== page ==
Unconscious Bias

Affinity Bias: The similar to me effect

Affinity bias - the similar to me effect

We’ve all walked into a room full of people.  The first thing we do is scan the crowd for a familiar face.  Preferably, someone, we like.  Failing that, most of us will take almost anyone we know.  Anything to stop the discomfort of being alone and exposed.

Recently I had this experience when I went to an after-work event.  Not knowing anyone else attending, I arrived 15 minutes late to avoid awkwardly standing around alone.  Anticipating tardy arrivals, the organisers had smartly added a half hour buffer.  And thus I found myself walking slowly into a room scanning unfamiliar faces.

Everyone was talking around a table, helping themselves to the drinks and snacks.  Many were smiling, and their expressions were warm.  We were all there for the same talk, so we had that in common.  Yet I hesitated.  Something deep in the back of my mind caused me to pause.  They were all women.

While this must be a comic triviality for the many women who face the opposite situation on a daily basis, the last time I could remember being the only man in a group was in the odd Anthropology tutorial in University.  I never had a bad experience then, so what was holding me back?


The Opposite of Comfort is Discomfort

My irrational pause can be explained by affinity bias, which is a tendency to prefer people similar to ourselves or someone we know and like.  This likeness can be the way we look, our backgrounds, shared experiences or common interests.

In my case, I didn’t see anyone that looked like me.  In my brain’s wiring visual cues seem to be more influential than the fact that we shared a common interest in the topic of the meetup.  Perhaps this was because I was sure of the way they looked, but was not certain of their views and opinions.

It’s uncomfortable knowing I’m biased, but it’s a form of unconscious bias we all share.  We all want to be around people that make us comfortable, and often that occurs when we can more easily relate to the other person.  It may not be correct, but we assume we can better understand each other.

If affinity bias means we like being around people that make us comfortable, is the opposite also true?  Will we be uncomfortable in the presence of people not like us?

Research has shown that generally, yes, we will be more uncomfortable.  It has also demonstrated that this will make us smarter.  We prepare better, anticipate other viewpoints and expect that reaching consensus will take effort.  Consequently, we produce better results.  


Affinity Bias in the Workplace

As a positive bias, we are likely to favour people we have an affinity for and may not be aware of how this is impacting us.  

We like to believe that we are ethical an unbiased, and are capable of making objective and rational decisions in our, and our company’s, best interests.  However, in reality, more than two decades of research shows that most of us fall woefully short of our inflated self-perception.

This overconfidence is particularly true when we are judging people.  Whether deciding on who to hire, promote or give an opportunity, our bias can impact both our behaviour and our decision.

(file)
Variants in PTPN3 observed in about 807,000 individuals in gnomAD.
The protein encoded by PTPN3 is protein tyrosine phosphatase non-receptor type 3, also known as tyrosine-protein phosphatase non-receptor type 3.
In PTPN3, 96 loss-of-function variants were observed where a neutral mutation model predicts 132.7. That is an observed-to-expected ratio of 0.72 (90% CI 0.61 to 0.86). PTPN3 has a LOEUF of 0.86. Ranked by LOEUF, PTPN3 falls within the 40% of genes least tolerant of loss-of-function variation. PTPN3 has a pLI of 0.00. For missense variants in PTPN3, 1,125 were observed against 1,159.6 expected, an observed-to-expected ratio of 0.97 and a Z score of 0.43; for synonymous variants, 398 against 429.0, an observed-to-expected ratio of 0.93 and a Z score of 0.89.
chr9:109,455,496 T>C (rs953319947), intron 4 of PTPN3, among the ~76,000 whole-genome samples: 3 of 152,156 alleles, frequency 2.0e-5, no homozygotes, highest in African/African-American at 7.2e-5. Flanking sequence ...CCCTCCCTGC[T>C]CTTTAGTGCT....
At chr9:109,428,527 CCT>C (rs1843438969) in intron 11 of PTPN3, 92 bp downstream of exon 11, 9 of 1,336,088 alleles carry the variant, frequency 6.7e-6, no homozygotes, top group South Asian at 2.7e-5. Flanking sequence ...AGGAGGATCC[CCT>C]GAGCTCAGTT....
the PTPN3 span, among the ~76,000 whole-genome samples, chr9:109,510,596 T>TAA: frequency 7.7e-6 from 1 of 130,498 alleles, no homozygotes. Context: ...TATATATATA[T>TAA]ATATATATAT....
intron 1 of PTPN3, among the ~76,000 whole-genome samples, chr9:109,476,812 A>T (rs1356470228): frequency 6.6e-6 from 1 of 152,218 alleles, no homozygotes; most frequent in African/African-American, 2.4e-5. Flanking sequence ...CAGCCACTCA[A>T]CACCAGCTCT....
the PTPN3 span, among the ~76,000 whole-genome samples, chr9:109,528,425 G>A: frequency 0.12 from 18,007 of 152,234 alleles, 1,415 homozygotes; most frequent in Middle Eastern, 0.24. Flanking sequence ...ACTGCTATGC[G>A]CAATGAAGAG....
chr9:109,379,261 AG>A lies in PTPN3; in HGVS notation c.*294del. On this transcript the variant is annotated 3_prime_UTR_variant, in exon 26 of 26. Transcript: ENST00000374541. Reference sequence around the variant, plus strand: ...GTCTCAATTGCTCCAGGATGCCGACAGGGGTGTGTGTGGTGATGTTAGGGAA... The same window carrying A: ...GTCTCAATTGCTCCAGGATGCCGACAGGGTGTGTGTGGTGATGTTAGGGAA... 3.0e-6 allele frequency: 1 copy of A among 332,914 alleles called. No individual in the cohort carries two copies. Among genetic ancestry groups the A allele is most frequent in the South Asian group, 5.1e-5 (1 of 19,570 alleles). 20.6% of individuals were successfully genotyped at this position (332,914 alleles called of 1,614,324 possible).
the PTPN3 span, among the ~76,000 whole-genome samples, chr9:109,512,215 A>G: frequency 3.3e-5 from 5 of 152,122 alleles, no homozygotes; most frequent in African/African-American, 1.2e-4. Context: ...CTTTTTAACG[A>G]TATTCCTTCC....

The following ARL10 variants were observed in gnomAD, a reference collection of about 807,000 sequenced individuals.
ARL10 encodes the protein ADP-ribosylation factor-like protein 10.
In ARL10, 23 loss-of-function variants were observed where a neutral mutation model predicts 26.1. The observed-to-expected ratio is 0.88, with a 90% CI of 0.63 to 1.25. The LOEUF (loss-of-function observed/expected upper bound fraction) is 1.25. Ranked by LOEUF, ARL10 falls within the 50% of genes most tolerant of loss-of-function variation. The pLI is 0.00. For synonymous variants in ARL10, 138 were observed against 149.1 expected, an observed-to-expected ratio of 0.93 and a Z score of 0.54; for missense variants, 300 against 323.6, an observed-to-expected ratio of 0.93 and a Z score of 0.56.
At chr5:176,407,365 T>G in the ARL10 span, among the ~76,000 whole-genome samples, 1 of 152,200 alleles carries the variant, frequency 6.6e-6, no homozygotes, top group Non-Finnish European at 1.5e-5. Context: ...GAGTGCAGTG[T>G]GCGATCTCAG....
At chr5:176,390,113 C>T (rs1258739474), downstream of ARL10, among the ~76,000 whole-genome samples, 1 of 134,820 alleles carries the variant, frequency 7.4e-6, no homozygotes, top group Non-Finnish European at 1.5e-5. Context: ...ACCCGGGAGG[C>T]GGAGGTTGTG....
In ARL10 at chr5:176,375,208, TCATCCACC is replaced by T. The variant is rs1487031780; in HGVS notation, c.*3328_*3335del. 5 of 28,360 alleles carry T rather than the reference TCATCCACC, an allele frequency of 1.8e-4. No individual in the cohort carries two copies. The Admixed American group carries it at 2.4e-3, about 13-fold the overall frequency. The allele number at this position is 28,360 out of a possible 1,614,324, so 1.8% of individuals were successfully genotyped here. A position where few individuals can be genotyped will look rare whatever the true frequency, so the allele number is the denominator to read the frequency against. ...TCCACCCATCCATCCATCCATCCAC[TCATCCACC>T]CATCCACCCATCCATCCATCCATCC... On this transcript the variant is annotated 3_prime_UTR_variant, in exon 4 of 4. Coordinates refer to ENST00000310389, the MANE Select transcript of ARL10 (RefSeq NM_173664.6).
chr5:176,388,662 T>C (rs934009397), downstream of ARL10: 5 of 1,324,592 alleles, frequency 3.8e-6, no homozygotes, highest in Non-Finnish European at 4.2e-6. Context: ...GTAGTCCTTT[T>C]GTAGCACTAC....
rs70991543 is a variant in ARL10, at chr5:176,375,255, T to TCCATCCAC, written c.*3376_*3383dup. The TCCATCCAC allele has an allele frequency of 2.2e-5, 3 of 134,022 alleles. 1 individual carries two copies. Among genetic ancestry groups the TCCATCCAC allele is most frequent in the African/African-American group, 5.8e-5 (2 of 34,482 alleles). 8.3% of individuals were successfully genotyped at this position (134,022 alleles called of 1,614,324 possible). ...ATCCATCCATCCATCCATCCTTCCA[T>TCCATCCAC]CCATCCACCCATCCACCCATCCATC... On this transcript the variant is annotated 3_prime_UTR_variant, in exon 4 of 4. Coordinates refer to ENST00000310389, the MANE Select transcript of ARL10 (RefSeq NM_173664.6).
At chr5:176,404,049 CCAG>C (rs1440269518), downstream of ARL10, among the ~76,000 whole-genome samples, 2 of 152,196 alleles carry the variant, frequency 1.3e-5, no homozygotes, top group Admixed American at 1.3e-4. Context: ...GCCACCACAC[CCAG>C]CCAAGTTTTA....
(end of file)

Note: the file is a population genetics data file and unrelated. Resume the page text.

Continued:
For example, picture yourself in a job interview.  The candidate opposite you is shifting in their seat.  They are breathing deeply, trying to control the rising panic you see in their eyes.  

If you feel some affinity for them, you’re more likely to smile, encourage them and try to put them at ease.  All of which can impact the candidate’s performance, and your estimation of them and how well they’d “fit” in with the team.

In addition to hiring, affinity bias can also affect who gets promoted or other opportunities to grow.


How to Avoid Affinity Bias

While it’s not possible to eliminate affinity bias, there are ways to avoid its impact.  Most importantly, wherever possible, take time to get to know people better.  The more we know about each other, the more likely we are to find that common ground that enables us to get comfortable, relate to each other and get along.

Additionally, remember that we can have an affinity for people that look not just like ourselves, but someone we know and like.  The more people we know that are different from ourselves, the broader the group of people we feel comfortable around.

If you’re not sure about this, think back to a time when you were in a group with people you didn’t know.  It could have been a trip, work or university project, or even school camp.  Remember the sense of comradery that shared experience gave you.  How much closer and comfortable you were with each other as a result.

When hiring our efforts can be constrained by time and the fuzzy concept of “fit”.  Two good ways to mitigate these effects are:

  1. Have a diverse group of people conduct the interviews.  Different perspectives and affinities should help to balance the hiring discussion.
  2. When hiring for “fit”, be clear what this means.  It would be best if you aimed to find shared values, as these are what will lead to success for you, the candidate, your team and the company.

Find Common Ground

We can never entirely rid ourselves of affinity bias.  It will always hold us back or drive us towards comfort.  Nevertheless, the more people we meet, the more opportunity we have to build an affinity with people unlike us, increasing the size of our comfort zone.  So when we find ourselves amongst friends, reach out to the stranger in the crowd and find common ground.

At my meetup, a friendly stranger introduced herself and asked what brought me there.  I was suddenly at ease, no longer alone and grateful for her kindness.


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